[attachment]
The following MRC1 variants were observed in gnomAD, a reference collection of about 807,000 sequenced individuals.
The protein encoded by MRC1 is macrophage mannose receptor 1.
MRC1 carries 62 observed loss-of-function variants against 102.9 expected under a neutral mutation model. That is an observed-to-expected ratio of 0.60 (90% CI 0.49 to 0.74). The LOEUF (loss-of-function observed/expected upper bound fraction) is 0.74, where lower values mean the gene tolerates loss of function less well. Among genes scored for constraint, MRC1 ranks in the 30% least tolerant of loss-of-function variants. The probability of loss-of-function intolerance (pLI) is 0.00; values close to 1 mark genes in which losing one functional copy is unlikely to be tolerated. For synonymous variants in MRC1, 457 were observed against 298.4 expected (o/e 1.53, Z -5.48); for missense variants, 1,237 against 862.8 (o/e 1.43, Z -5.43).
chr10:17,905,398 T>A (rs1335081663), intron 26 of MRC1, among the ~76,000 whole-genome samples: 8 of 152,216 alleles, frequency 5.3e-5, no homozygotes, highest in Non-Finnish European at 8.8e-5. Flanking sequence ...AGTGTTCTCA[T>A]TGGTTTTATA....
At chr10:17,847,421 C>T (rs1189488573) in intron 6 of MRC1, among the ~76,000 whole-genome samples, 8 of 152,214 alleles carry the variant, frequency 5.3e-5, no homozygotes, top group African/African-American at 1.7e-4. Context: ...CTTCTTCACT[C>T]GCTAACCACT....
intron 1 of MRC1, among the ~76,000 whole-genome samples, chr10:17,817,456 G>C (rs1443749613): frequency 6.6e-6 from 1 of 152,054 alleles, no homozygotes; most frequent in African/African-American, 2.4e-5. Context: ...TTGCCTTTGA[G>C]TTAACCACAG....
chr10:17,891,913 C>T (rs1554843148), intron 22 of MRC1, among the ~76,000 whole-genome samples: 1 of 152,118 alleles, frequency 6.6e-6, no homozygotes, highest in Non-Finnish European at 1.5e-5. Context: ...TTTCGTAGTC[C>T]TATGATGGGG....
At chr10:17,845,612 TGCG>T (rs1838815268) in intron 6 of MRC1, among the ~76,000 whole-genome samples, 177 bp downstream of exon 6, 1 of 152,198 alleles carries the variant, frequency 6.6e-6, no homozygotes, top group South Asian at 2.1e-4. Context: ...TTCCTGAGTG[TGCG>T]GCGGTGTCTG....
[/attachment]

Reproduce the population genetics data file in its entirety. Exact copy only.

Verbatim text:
The following MRC1 variants were observed in gnomAD, a reference collection of about 807,000 sequenced individuals.
The protein encoded by MRC1 is macrophage mannose receptor 1.
MRC1 carries 62 observed loss-of-function variants against 102.9 expected under a neutral mutation model. That is an observed-to-expected ratio of 0.60 (90% CI 0.49 to 0.74). The LOEUF (loss-of-function observed/expected upper bound fraction) is 0.74, where lower values mean the gene tolerates loss of function less well. Among genes scored for constraint, MRC1 ranks in the 30% least tolerant of loss-of-function variants. The probability of loss-of-function intolerance (pLI) is 0.00; values close to 1 mark genes in which losing one functional copy is unlikely to be tolerated. For synonymous variants in MRC1, 457 were observed against 298.4 expected (o/e 1.53, Z -5.48); for missense variants, 1,237 against 862.8 (o/e 1.43, Z -5.43).
chr10:17,905,398 T>A (rs1335081663), intron 26 of MRC1, among the ~76,000 whole-genome samples: 8 of 152,216 alleles, frequency 5.3e-5, no homozygotes, highest in Non-Finnish European at 8.8e-5. Flanking sequence ...AGTGTTCTCA[T>A]TGGTTTTATA....
At chr10:17,847,421 C>T (rs1189488573) in intron 6 of MRC1, among the ~76,000 whole-genome samples, 8 of 152,214 alleles carry the variant, frequency 5.3e-5, no homozygotes, top group African/African-American at 1.7e-4. Context: ...CTTCTTCACT[C>T]GCTAACCACT....
intron 1 of MRC1, among the ~76,000 whole-genome samples, chr10:17,817,456 G>C (rs1443749613): frequency 6.6e-6 from 1 of 152,054 alleles, no homozygotes; most frequent in African/African-American, 2.4e-5. Context: ...TTGCCTTTGA[G>C]TTAACCACAG....
chr10:17,891,913 C>T (rs1554843148), intron 22 of MRC1, among the ~76,000 whole-genome samples: 1 of 152,118 alleles, frequency 6.6e-6, no homozygotes, highest in Non-Finnish European at 1.5e-5. Context: ...TTTCGTAGTC[C>T]TATGATGGGG....
At chr10:17,845,612 TGCG>T (rs1838815268) in intron 6 of MRC1, among the ~76,000 whole-genome samples, 177 bp downstream of exon 6, 1 of 152,198 alleles carries the variant, frequency 6.6e-6, no homozygotes, top group South Asian at 2.1e-4. Context: ...TTCCTGAGTG[TGCG>T]GCGGTGTCTG....